Non-breeding herds

For any other type of cattle herd, such as a finishing herd, any calves born are required to be tested for BVD virus within 40 days of birth. This would usually be by tissue test but the laboratory would be able to tell you from what age they would accept a blood sample.

Assumed status

Animals which have been individually tested for the BVD virus will have a result of either positive or negative.

If they are negative, these animals are able to move because a negative animal can never become PI.

Phase 4 will introduce an assumed status for some animals. The mothers of any individually negative animals are also safe to move. A PI mother cannot give birth to a virus negative calf and therefore if a calf is BVD virus negative its mother will have an assumed individual status of BVD virus negative. If you have to individually test animals to move them, where a calf has a negative result, the mother will be given an assumed negative result and can also move.

If the result is positive the animal is a suspect PI, it cannot move other than directly to slaughter. A PI mother can only give birth to a PI calf and therefore any calf born to a PI cow will be assumed to be PI and cannot move other than directly to slaughter. You should retest any positive animal after three weeks to ensure that the animal was not suffering from a transient infection.

Persistently infected ( PI) animals

Any animal that tests positive for BVD virus will be identified in the database as virus positive and will be assumed to be PI until a subsequent test can show that the infection has been transient. To ensure that an animal is not transiently infected it should be retested after three weeks. If on the second test the animal is virus negative it may move again.

PI animals are only permitted to be moved off the farm if going directly to slaughter. In exceptional circumstances, such as for immediate welfare issues, a veterinary inspector may allow an infected animal to move under licence through applying to the Animal and Plant Health Agency ( APHA).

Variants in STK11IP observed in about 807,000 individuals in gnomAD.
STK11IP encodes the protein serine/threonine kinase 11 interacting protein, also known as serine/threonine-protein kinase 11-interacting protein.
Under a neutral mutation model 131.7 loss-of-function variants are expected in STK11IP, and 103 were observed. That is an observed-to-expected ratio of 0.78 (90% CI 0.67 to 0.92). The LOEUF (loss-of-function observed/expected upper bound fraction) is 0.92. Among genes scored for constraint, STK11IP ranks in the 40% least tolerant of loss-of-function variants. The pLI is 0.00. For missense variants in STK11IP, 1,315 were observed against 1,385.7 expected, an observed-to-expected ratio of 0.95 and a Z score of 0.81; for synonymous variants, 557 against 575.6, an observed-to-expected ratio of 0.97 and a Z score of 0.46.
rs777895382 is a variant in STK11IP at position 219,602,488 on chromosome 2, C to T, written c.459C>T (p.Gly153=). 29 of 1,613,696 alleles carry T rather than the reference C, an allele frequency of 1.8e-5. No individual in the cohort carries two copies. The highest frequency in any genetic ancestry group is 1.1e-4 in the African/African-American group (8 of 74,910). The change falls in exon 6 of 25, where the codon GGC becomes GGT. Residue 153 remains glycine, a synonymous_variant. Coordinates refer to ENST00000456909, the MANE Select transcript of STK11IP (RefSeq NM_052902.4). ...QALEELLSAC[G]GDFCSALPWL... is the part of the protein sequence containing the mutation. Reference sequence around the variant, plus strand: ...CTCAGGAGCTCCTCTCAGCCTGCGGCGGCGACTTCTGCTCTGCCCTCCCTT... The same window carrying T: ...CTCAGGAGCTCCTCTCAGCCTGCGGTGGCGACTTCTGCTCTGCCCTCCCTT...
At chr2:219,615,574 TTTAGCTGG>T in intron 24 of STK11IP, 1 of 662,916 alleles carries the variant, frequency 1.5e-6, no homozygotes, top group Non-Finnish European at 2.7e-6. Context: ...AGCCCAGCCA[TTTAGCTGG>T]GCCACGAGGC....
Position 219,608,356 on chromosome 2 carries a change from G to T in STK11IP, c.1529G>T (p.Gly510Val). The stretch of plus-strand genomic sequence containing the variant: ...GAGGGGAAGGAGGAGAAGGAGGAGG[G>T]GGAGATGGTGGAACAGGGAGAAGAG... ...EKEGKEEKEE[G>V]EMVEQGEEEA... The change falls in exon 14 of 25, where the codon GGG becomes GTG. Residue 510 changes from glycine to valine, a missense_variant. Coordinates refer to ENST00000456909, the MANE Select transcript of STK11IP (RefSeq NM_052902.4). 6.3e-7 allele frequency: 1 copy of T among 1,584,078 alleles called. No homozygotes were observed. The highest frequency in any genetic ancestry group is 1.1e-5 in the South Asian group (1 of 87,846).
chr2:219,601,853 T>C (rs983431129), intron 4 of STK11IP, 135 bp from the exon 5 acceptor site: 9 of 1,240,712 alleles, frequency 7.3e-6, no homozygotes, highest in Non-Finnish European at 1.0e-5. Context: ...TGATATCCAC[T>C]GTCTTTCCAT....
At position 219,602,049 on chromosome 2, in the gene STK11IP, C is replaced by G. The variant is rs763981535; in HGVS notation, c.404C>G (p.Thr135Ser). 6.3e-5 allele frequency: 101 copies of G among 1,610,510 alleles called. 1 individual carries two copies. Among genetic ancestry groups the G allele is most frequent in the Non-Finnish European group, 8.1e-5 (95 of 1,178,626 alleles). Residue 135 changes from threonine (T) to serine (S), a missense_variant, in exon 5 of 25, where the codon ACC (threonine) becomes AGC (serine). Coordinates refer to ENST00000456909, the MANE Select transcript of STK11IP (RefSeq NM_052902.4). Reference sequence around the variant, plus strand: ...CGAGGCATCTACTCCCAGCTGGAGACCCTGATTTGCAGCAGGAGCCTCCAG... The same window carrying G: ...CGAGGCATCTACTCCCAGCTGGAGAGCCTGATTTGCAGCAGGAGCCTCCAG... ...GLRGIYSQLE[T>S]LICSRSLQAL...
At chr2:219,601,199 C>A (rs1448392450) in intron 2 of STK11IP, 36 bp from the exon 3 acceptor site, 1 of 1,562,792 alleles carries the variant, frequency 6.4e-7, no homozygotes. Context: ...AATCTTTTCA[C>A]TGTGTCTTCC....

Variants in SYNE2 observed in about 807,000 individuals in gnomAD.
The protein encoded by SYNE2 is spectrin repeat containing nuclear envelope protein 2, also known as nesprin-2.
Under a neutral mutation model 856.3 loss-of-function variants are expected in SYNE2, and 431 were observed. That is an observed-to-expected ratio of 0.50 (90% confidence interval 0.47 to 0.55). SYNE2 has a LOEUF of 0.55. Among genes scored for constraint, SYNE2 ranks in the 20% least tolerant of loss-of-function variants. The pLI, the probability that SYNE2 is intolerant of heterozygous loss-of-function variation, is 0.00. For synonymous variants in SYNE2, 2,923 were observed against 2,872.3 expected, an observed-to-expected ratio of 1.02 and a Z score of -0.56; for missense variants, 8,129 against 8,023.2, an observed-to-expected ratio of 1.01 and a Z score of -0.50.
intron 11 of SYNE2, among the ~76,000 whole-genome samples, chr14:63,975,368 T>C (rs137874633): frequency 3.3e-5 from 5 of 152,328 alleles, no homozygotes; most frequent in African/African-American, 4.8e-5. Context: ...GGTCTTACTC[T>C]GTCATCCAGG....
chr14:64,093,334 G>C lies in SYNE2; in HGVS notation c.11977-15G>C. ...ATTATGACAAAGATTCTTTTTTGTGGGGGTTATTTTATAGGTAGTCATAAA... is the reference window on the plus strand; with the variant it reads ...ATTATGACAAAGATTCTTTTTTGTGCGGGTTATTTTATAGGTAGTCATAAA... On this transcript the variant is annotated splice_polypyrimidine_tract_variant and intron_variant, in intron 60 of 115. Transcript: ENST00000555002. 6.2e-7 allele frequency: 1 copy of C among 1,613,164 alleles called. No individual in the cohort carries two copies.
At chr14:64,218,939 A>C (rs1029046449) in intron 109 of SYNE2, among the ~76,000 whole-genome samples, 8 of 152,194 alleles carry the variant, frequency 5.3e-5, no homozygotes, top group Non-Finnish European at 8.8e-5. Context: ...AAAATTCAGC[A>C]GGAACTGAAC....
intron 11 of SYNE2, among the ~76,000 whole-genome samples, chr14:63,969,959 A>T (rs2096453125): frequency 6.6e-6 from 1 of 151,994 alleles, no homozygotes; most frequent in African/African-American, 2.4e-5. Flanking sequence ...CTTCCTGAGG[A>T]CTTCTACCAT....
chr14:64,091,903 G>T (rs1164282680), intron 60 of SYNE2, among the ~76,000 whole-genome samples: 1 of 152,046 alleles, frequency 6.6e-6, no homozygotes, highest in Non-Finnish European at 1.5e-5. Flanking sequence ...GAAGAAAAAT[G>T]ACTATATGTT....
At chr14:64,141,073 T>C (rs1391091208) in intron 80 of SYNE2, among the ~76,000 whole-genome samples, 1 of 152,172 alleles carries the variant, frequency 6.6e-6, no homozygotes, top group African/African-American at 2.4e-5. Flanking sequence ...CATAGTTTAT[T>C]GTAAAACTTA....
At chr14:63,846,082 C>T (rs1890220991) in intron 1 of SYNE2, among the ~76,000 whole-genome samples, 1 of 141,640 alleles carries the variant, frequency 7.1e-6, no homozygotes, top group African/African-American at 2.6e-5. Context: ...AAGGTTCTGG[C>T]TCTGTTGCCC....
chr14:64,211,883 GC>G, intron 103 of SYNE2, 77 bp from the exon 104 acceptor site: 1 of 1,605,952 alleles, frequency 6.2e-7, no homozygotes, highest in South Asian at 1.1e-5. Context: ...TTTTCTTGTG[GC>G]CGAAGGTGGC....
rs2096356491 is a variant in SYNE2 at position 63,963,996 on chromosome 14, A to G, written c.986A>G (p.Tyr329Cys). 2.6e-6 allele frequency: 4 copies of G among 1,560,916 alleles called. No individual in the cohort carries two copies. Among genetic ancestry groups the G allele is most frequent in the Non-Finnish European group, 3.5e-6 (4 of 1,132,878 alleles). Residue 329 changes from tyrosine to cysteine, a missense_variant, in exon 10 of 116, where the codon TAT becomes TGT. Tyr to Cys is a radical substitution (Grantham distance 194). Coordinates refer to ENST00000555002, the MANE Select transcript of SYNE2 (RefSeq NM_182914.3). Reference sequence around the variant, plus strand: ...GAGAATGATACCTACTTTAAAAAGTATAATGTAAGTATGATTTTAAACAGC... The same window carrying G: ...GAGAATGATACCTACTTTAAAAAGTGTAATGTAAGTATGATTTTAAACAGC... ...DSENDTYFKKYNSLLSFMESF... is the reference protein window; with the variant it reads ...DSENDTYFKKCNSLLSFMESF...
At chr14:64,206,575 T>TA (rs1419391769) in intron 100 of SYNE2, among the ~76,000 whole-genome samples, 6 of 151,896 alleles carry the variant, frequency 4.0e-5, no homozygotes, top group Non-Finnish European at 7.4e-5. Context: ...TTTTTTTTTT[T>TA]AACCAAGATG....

BVD virus infected animals may not pass through a market or any other holding. The Scottish Government will be informed by the laboratories each time an animal tests positive for BVD virus, and will know through movement records if a virus positive animal is moved to another holding.

The BVD look up and herd declarations

The Scot EID website at www.scoteid.com is the central point at which all BVD results can be found. All approved laboratories report their results directly to the Scot EID database. You can find the status of any herd and the result of any individual animal tested if you have the County Parish Holding ( CPH) and individual animal number. Help on how to use the BVD lookup facility is provided on the Scot EID website or through the BVD helpline on 0300 244 9823.

  • You should contact the helpline to register with Scot EID. Registering with Scot EID will allow you to:
  • See all of the BVD results for your clients.
  • Search for a specific CPH or animal ID.
  • See a list of all calves born and all current cattle on the holding and whether these have been tested.
  • See clients' renewal dates and status.
  • All tissue test results (where your client has provided a vet postcode).

This will give you the ability to change a herd status where appropriate and identify what further testing may be required.

In phase 4 mandatory herd declarations are not required as animals should not move from a 'not negative' herd unless they have been individually tested for the virus. However, farmers should continue to use the BVD lookup to ensure any animals that are to be purchased are from negative herds or have had a negative virus test. If animals are purchased from a 'not negative' holding the receiving holdings status could be affected.